Reverb Interview: Walrus Audio on the Future of Pedals

The Future Of Pedals

In a landscape of ever-evolving pedal tastes, the guys at Walrus Audio have been right on the forefront. Most recently, Walrus has entered the world of ambient Reverb with the highly touted Descent Reverb which launched at NAMM this past January.

We recently caught up with Colt Westbrook from Walrus HQ to talk about what's next for Walrus and where the pedal world is headed. The Descent has been a big deal for you guys. How has reaction been to that pedal?

Walrus Audio: The reaction has been exactly what I thought it would be. There's a huge demand in the ambient reverb market out there, but at the same time there's a resistance to it. You know, guys that love playing with thick ambient, symphonic tones, but there's also the classic guys are that rebelling against that. The Descent drives a wedge between those two where the ambient reverb nerds are able to clock in on the shimmer setting and customize their octaves, but vintage purists are still able to utilize it when they plug in to the reverse or hall setting. Really the Descent is trying to get everyone to play nice together.

R: And then all the old school guys can use them shimmer mode when nobody is listening, right?

WA: (Laughs) That's right. It's like, I'm alone on a Friday, I'm going to dim the lights, plug in with the shimmer and not tell anyone it happened.

R: Walrus has been right there with a lot of the recent pedal trends: the transparent overdrive, the explosion of fuzz options, all the new reverbs and delays. From your perspective, where do you see the effects world going next?

WA: I think the synth market is growing in popularity, with all the resurrection of outboard gear and some of the obsolete effects that came and went in the 1970s. With the ongoing ambient movement we have, and definitely see things moving toward more synth-like effects.

R: We're strong believers here at Reverb in the triumphant return of chorus pedals. Can you see that happening at Walrus any time soon?

WA: You can count on that, for sure. There's definitely some chorus of the analog nature on deck here.

R: You talked about the synth-style tones, can we expect to see some more experimental things where you guys are working with filters and LFOs and things you would normally see in the synth world?

WA: Absolutely. Like I was saying, we love to dig up older gear and see how we can incorporate this in to something new. We like to see how we can shape those ideas in to something unique that can live forever in the studio or on someone's board while they're on tour.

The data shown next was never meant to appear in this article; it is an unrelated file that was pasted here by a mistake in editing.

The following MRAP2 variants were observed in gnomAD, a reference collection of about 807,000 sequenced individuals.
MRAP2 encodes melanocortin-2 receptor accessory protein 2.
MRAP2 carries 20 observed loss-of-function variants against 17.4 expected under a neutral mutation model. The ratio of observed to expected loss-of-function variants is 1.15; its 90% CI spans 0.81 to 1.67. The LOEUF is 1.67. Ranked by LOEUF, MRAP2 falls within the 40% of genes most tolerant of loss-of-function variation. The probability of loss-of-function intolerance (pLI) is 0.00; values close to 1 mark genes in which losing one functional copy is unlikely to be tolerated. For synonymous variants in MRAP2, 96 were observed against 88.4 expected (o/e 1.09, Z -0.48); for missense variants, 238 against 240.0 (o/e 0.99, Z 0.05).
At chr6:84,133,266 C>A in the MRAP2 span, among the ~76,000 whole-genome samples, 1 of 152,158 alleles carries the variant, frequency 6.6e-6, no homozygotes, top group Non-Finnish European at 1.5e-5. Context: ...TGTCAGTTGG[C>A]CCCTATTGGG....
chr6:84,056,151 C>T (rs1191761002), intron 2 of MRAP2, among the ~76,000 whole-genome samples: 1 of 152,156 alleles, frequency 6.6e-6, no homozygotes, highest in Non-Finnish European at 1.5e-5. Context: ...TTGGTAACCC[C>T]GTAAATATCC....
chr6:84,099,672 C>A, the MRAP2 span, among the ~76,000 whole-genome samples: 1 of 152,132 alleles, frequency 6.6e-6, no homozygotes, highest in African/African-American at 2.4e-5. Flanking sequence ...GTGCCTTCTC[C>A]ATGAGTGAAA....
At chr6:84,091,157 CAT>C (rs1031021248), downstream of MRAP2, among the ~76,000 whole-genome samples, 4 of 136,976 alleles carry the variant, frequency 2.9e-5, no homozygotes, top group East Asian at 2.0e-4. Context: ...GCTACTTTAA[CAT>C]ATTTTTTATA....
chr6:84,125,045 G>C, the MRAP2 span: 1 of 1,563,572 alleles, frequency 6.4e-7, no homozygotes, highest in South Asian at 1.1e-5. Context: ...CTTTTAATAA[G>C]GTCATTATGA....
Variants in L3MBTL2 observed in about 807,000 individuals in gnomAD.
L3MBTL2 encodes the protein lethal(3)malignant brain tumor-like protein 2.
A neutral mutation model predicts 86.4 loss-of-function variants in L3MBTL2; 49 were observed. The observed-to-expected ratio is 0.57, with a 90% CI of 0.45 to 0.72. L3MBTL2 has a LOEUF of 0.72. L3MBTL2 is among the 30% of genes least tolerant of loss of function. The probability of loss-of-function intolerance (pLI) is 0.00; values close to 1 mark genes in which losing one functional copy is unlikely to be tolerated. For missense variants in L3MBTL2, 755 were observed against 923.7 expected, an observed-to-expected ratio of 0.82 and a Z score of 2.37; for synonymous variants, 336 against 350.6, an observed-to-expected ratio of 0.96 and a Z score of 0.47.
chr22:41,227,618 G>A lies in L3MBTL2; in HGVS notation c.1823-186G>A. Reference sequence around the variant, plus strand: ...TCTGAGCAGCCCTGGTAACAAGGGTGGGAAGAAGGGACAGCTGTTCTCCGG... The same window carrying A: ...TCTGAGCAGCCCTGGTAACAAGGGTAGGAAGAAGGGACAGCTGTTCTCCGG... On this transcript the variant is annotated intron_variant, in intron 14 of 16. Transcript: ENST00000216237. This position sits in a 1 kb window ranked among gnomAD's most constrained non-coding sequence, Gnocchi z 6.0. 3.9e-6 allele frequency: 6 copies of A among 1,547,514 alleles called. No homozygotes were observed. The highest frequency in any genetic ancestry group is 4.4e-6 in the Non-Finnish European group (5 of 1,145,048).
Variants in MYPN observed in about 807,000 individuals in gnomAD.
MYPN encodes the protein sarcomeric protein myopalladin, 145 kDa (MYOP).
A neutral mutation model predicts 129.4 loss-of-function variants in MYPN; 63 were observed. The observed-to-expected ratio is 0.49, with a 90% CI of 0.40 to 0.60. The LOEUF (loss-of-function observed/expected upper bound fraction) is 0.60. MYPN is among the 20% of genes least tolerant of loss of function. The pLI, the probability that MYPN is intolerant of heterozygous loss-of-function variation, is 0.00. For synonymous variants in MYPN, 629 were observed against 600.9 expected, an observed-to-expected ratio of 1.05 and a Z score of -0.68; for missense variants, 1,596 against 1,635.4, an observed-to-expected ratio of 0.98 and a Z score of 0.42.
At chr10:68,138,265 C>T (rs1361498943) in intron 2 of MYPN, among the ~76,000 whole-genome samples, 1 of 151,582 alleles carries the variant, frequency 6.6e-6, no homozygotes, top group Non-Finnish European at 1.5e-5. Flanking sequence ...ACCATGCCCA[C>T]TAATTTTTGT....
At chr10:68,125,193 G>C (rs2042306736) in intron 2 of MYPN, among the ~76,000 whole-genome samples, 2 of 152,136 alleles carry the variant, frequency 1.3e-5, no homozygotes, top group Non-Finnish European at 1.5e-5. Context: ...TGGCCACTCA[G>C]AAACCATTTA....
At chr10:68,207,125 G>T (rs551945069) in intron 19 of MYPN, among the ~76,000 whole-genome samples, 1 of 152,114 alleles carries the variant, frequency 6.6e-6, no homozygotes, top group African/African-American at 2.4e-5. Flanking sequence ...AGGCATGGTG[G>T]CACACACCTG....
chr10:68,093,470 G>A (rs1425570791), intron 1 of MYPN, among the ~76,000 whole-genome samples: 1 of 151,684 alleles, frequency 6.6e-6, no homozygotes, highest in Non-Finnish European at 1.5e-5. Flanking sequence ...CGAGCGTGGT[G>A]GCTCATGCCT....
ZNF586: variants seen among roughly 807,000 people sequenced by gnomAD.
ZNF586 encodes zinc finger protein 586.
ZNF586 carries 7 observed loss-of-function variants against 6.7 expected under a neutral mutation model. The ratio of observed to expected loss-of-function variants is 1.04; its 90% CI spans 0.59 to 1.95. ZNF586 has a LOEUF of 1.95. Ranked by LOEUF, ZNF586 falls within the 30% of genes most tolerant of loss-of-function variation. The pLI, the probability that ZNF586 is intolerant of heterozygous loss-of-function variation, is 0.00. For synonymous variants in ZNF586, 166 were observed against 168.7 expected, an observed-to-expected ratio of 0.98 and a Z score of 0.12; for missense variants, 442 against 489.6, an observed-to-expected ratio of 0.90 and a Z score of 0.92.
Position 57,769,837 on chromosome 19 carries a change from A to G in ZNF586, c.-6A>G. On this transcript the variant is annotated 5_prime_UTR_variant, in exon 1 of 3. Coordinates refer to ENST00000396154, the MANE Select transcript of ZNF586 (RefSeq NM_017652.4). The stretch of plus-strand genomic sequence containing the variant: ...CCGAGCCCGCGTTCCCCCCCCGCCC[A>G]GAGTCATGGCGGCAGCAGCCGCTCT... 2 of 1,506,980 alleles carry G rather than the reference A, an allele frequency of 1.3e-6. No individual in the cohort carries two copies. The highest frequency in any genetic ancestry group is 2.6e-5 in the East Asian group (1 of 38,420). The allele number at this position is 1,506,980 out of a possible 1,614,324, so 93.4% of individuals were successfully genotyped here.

R: When you're building and trying out new ideas, what are the guitars and amps you typically use to reference the sound?

WA: Here in the shop we have a '60s Jazzmaster, and a demo pedal board with some MXR, JHS, EQD and Pigtronix stuff. We've also got a Fender Telecaster and a Milkman 20-watt Creamer we use. That amp really helps, using that clean tone to hone in on what the pedal is actually doing. We also have a high-gain amp from Stulce.

R: Anything else you guys have coming up you can tell us about?

WA: We've got some international power supplies coming out, so you'll be able to use our pedals anywhere in the world with clean power from us too. We've also got a stereo-in, stereo-out analog delay coming out this year.

R: Any particular features that we're not seeing elsewhere?

WA: Well you don't see a lot of stereo-in analog delays. People have really turned into stereo snobs lately (which is a great thing, especially for amp builders!), and if it doesn't have the stereo-in and stereo-out, people can't fit it at the end of the chain the way the want to. It's gonna have tap tempo, dotted eighths, a little bit of mod, and one second of delay time, which I think is the longest of any analog delay out there.

R: And are you guys using a bucket brigade chip for that?

WA: Yup. Bucket brigade, all the way. I'm crossing my fingers that it's out in October.

R: Last thing. For you personally, what are the all-time top three or so pedals for you outside of the stuff Walrus has produced?

WA: Great question. I've never had anything but Walrus on my board for the last 20 years (laughs). Let's see… I think one of the most important pedals to come out in the last 15 years was the Line 6 DL-4. I don't use it any more though, I use an Eventide Timefactor, and that is a staple on my board. I personally think the Timefactor is the smartest digital delay out there. I've always had the Boss RV-5 on my board, that's never come off. It sits right at the end of my chain, almost always on. And who doesn't have a Big Muff Pi sitting on their board? Those are probably the three that have always been with me.

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